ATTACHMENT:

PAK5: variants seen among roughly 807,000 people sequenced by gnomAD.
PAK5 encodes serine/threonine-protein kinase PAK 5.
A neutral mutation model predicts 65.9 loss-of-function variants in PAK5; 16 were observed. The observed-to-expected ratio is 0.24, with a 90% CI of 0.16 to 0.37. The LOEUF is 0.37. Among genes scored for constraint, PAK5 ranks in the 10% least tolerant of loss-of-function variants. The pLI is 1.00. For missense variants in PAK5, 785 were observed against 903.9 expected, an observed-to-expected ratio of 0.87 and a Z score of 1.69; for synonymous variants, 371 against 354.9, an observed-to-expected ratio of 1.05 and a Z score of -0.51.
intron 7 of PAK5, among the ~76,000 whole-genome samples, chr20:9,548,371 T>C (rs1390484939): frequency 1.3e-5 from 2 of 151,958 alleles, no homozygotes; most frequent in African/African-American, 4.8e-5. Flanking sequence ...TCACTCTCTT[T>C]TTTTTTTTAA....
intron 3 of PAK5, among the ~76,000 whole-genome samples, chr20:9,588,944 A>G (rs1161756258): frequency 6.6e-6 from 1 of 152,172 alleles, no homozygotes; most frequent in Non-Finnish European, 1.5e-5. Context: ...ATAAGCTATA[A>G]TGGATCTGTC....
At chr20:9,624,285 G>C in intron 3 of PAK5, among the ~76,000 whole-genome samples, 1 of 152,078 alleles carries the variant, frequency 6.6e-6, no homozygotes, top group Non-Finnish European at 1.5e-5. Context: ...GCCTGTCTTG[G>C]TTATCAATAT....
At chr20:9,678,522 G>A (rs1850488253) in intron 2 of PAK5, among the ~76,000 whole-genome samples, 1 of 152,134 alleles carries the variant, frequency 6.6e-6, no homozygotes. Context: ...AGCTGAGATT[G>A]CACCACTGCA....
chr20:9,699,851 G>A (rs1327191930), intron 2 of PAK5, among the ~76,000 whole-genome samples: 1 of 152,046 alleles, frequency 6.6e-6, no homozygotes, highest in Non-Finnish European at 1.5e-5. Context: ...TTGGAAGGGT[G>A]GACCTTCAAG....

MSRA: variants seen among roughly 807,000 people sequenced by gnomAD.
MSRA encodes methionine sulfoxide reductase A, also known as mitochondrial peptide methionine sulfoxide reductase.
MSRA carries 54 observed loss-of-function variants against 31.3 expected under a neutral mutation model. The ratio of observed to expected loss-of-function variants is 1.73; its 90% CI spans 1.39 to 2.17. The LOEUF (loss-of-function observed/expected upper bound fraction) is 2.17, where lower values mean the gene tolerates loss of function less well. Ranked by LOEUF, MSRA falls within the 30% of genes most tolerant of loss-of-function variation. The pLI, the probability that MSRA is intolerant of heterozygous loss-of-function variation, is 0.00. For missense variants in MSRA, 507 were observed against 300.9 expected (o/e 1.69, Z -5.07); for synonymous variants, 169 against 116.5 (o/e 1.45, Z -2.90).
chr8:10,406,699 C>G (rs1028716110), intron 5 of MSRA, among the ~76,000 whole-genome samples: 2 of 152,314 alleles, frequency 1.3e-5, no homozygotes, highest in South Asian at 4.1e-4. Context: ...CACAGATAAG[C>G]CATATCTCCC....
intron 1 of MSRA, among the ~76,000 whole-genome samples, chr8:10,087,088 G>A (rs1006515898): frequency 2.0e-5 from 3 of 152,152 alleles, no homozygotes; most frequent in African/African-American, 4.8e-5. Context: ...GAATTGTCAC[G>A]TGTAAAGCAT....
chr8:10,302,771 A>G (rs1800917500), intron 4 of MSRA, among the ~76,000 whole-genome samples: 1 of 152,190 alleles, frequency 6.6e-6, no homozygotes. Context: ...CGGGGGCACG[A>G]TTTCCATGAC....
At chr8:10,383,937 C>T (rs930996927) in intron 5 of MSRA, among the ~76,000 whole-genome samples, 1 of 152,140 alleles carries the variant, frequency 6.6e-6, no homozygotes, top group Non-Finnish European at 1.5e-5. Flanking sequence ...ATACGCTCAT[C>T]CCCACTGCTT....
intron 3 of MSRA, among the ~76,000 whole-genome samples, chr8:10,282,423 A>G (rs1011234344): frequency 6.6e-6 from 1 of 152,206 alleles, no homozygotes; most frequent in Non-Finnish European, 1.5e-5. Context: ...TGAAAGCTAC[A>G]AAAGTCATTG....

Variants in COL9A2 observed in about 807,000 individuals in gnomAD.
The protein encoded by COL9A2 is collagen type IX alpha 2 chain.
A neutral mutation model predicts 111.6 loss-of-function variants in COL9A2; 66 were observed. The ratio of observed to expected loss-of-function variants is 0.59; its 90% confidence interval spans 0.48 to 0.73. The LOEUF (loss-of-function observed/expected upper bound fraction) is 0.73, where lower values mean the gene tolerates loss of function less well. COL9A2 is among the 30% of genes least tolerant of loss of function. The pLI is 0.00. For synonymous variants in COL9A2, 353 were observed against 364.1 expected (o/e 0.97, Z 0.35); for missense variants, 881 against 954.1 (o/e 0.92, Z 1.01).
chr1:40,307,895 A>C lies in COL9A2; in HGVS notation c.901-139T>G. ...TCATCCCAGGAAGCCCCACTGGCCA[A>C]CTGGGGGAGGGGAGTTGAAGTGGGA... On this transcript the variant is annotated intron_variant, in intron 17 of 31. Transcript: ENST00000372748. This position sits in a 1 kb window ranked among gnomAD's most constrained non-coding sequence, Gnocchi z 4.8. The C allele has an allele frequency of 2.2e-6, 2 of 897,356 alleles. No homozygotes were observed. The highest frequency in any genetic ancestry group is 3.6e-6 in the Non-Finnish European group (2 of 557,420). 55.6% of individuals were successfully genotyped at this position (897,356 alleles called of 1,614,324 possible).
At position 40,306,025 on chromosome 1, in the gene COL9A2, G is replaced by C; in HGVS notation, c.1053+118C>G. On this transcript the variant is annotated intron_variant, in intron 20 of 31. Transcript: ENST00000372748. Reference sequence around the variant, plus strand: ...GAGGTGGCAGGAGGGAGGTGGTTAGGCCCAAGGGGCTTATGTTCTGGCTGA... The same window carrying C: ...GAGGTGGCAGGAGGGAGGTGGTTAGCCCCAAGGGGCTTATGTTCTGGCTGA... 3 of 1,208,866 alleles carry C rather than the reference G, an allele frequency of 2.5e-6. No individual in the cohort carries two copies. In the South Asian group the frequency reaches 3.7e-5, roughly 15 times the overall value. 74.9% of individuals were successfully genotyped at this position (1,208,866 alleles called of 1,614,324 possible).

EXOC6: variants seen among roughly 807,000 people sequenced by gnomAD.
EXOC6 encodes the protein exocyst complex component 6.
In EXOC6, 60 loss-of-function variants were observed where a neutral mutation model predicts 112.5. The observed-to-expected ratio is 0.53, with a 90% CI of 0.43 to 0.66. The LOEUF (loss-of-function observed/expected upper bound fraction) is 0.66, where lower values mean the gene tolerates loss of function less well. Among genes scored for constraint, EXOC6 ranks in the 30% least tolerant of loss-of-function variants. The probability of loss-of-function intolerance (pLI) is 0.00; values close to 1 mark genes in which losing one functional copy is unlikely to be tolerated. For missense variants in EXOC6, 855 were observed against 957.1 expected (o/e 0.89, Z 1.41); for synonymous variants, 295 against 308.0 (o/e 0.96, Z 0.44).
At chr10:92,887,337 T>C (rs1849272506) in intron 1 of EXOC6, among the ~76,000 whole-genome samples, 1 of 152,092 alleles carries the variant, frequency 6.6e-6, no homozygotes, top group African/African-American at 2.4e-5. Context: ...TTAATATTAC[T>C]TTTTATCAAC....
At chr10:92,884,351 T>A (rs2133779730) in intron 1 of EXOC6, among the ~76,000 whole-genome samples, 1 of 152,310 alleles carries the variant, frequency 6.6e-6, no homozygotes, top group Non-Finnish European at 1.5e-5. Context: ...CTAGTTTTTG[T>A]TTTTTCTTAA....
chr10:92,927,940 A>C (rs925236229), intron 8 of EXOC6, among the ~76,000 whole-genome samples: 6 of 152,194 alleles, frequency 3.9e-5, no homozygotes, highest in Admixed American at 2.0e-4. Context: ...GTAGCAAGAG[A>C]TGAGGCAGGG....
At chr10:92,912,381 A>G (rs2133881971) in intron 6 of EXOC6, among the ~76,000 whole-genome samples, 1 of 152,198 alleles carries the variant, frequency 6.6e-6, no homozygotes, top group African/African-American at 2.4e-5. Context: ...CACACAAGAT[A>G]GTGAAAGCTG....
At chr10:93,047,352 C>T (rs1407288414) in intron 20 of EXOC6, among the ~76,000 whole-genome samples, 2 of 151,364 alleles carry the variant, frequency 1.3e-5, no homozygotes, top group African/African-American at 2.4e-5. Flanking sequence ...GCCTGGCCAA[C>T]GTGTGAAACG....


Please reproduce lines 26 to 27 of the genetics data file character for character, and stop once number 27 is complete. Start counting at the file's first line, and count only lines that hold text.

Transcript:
At chr10:92,884,351 T>A (rs2133779730) in intron 1 of EXOC6, among the ~76,000 whole-genome samples, 1 of 152,310 alleles carries the variant, frequency 6.6e-6, no homozygotes, top group Non-Finnish European at 1.5e-5. Context: ...CTAGTTTTTG[T>A]TTTTTCTTAA....
chr10:92,927,940 A>C (rs925236229), intron 8 of EXOC6, among the ~76,000 whole-genome samples: 6 of 152,194 alleles, frequency 3.9e-5, no homozygotes, highest in Admixed American at 2.0e-4. Context: ...GTAGCAAGAG[A>C]TGAGGCAGGG....